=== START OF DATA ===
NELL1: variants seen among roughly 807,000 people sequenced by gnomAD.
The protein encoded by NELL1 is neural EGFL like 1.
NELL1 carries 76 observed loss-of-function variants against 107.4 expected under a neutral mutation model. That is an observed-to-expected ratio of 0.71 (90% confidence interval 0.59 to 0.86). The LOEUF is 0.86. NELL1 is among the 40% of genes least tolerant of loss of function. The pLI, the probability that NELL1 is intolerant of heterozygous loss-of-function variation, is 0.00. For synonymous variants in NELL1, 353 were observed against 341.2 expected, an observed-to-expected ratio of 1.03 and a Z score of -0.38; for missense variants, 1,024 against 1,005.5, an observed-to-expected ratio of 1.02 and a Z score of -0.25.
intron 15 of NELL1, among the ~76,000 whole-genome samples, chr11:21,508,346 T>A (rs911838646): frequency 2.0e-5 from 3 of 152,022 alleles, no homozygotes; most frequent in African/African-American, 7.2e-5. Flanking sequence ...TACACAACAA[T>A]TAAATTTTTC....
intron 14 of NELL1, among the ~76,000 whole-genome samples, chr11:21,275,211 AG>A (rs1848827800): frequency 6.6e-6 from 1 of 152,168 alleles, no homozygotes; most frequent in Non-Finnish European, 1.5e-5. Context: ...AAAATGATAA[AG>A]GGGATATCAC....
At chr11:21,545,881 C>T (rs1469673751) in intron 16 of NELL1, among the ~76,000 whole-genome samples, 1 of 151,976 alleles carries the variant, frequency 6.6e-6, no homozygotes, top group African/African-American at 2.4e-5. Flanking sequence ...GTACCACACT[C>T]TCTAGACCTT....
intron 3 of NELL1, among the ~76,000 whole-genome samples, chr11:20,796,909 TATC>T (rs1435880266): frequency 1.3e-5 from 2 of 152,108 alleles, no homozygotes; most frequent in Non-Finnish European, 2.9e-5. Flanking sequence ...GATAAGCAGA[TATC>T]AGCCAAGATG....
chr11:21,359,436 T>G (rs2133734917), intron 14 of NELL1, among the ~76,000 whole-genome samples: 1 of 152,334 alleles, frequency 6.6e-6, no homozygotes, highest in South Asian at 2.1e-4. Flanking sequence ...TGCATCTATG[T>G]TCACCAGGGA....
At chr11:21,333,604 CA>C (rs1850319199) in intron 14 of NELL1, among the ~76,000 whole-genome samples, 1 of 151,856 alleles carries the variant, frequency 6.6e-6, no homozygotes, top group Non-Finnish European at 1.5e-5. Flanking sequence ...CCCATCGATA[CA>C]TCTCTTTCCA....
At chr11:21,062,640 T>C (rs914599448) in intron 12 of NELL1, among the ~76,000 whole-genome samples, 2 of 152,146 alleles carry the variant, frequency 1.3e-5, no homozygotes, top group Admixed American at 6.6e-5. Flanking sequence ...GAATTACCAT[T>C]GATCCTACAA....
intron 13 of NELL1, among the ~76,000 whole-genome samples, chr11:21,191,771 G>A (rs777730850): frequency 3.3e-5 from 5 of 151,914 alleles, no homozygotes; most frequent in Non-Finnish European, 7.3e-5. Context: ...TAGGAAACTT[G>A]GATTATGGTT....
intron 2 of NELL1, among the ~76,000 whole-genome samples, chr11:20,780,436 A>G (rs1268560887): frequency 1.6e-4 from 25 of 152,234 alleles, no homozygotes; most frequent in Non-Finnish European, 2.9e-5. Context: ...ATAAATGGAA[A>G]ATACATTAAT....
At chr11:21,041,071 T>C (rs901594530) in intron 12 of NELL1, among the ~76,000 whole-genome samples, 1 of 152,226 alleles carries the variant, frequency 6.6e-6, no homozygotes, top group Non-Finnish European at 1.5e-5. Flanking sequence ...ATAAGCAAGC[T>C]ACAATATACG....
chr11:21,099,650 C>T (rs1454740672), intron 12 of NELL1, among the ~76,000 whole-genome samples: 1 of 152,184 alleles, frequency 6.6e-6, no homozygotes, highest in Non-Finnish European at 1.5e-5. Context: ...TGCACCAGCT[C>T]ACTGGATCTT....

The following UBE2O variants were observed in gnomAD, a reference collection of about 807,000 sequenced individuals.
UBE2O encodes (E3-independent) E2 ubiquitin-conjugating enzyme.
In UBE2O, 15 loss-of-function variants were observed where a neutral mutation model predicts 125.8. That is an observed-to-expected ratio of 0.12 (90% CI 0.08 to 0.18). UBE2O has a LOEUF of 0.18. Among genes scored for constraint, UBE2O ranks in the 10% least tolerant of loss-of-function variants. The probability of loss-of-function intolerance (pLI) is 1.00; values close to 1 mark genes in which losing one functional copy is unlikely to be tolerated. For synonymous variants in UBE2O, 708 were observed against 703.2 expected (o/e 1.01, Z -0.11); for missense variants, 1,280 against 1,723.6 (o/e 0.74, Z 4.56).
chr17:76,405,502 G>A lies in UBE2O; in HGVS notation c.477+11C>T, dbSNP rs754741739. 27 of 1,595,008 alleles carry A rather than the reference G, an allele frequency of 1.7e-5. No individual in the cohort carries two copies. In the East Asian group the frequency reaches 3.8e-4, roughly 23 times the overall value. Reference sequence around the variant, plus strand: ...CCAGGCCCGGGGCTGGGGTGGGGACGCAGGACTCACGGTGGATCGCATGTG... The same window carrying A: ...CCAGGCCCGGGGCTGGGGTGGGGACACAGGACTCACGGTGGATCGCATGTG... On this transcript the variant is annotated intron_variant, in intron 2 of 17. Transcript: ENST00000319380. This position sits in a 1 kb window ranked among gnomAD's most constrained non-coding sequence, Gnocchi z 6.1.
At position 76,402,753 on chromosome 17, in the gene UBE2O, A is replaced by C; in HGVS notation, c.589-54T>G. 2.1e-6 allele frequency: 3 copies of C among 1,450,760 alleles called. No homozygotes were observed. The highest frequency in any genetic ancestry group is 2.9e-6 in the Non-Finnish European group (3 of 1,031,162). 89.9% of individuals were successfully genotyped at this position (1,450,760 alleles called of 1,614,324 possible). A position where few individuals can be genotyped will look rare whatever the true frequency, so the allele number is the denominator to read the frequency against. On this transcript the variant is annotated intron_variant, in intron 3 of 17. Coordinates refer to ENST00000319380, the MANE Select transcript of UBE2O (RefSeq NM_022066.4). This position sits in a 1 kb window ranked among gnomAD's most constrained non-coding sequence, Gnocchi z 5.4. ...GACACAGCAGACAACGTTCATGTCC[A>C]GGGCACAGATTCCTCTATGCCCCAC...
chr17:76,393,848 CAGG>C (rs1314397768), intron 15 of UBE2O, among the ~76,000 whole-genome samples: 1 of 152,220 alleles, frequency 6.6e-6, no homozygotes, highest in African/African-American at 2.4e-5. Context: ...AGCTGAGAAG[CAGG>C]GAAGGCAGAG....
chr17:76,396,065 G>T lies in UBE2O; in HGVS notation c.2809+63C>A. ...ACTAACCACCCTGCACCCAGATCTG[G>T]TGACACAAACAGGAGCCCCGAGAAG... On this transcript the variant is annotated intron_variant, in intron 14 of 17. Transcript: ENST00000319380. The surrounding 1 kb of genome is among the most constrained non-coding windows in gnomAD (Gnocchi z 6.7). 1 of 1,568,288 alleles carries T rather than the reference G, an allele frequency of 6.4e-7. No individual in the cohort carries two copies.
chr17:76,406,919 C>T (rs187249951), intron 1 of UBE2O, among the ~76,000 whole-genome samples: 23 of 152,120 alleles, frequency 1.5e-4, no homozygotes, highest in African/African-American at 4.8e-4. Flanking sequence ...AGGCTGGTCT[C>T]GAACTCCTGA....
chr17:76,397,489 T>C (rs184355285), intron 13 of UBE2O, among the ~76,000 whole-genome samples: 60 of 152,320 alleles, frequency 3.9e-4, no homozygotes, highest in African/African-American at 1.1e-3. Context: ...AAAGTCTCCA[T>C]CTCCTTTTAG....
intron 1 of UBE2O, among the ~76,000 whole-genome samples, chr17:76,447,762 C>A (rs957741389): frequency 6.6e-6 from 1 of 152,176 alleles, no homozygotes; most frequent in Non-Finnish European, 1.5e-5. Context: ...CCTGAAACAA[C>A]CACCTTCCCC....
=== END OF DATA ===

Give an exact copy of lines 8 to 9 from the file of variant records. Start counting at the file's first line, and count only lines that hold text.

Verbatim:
chr11:21,359,436 T>G (rs2133734917), intron 14 of NELL1, among the ~76,000 whole-genome samples: 1 of 152,334 alleles, frequency 6.6e-6, no homozygotes, highest in South Asian at 2.1e-4. Flanking sequence ...TGCATCTATG[T>G]TCACCAGGGA....
At chr11:21,333,604 CA>C (rs1850319199) in intron 14 of NELL1, among the ~76,000 whole-genome samples, 1 of 151,856 alleles carries the variant, frequency 6.6e-6, no homozygotes, top group Non-Finnish European at 1.5e-5. Flanking sequence ...CCCATCGATA[CA>C]TCTCTTTCCA....